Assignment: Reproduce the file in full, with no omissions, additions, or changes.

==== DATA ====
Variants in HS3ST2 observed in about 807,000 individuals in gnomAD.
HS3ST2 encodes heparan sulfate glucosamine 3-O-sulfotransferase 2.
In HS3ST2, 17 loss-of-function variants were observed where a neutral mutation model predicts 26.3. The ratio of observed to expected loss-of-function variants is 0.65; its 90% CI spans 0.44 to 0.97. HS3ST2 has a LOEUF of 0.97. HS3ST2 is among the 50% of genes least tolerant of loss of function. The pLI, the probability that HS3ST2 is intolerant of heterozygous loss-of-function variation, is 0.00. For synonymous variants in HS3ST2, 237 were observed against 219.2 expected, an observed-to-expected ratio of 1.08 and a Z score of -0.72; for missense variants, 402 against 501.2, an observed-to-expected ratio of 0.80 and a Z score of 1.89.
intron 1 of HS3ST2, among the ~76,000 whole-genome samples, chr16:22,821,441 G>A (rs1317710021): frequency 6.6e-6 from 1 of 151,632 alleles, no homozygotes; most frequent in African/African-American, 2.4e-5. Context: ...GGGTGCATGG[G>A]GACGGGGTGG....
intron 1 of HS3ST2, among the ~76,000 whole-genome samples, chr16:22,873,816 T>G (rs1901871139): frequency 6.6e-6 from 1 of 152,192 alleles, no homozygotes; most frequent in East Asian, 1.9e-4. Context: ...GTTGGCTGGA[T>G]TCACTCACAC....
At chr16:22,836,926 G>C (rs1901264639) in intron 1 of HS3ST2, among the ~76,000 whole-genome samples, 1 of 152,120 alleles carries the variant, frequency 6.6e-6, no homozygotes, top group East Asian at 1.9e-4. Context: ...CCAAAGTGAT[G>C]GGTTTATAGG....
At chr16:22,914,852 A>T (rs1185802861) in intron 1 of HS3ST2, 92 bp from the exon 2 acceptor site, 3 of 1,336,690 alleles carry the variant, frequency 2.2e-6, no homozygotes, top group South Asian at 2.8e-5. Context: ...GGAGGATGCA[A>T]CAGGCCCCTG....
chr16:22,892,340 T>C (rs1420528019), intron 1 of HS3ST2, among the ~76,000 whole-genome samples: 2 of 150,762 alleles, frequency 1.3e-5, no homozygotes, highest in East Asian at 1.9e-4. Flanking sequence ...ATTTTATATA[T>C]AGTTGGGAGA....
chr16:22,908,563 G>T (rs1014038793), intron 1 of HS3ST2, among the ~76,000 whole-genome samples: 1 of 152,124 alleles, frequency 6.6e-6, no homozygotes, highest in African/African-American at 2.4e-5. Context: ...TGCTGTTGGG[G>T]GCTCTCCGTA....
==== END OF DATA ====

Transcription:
Variants in HS3ST2 observed in about 807,000 individuals in gnomAD.
HS3ST2 encodes heparan sulfate glucosamine 3-O-sulfotransferase 2.
In HS3ST2, 17 loss-of-function variants were observed where a neutral mutation model predicts 26.3. The ratio of observed to expected loss-of-function variants is 0.65; its 90% CI spans 0.44 to 0.97. HS3ST2 has a LOEUF of 0.97. HS3ST2 is among the 50% of genes least tolerant of loss of function. The pLI, the probability that HS3ST2 is intolerant of heterozygous loss-of-function variation, is 0.00. For synonymous variants in HS3ST2, 237 were observed against 219.2 expected, an observed-to-expected ratio of 1.08 and a Z score of -0.72; for missense variants, 402 against 501.2, an observed-to-expected ratio of 0.80 and a Z score of 1.89.
intron 1 of HS3ST2, among the ~76,000 whole-genome samples, chr16:22,821,441 G>A (rs1317710021): frequency 6.6e-6 from 1 of 151,632 alleles, no homozygotes; most frequent in African/African-American, 2.4e-5. Context: ...GGGTGCATGG[G>A]GACGGGGTGG....
intron 1 of HS3ST2, among the ~76,000 whole-genome samples, chr16:22,873,816 T>G (rs1901871139): frequency 6.6e-6 from 1 of 152,192 alleles, no homozygotes; most frequent in East Asian, 1.9e-4. Context: ...GTTGGCTGGA[T>G]TCACTCACAC....
At chr16:22,836,926 G>C (rs1901264639) in intron 1 of HS3ST2, among the ~76,000 whole-genome samples, 1 of 152,120 alleles carries the variant, frequency 6.6e-6, no homozygotes, top group East Asian at 1.9e-4. Context: ...CCAAAGTGAT[G>C]GGTTTATAGG....
At chr16:22,914,852 A>T (rs1185802861) in intron 1 of HS3ST2, 92 bp from the exon 2 acceptor site, 3 of 1,336,690 alleles carry the variant, frequency 2.2e-6, no homozygotes, top group South Asian at 2.8e-5. Context: ...GGAGGATGCA[A>T]CAGGCCCCTG....
chr16:22,892,340 T>C (rs1420528019), intron 1 of HS3ST2, among the ~76,000 whole-genome samples: 2 of 150,762 alleles, frequency 1.3e-5, no homozygotes, highest in East Asian at 1.9e-4. Flanking sequence ...ATTTTATATA[T>C]AGTTGGGAGA....
chr16:22,908,563 G>T (rs1014038793), intron 1 of HS3ST2, among the ~76,000 whole-genome samples: 1 of 152,124 alleles, frequency 6.6e-6, no homozygotes, highest in African/African-American at 2.4e-5. Context: ...TGCTGTTGGG[G>T]GCTCTCCGTA....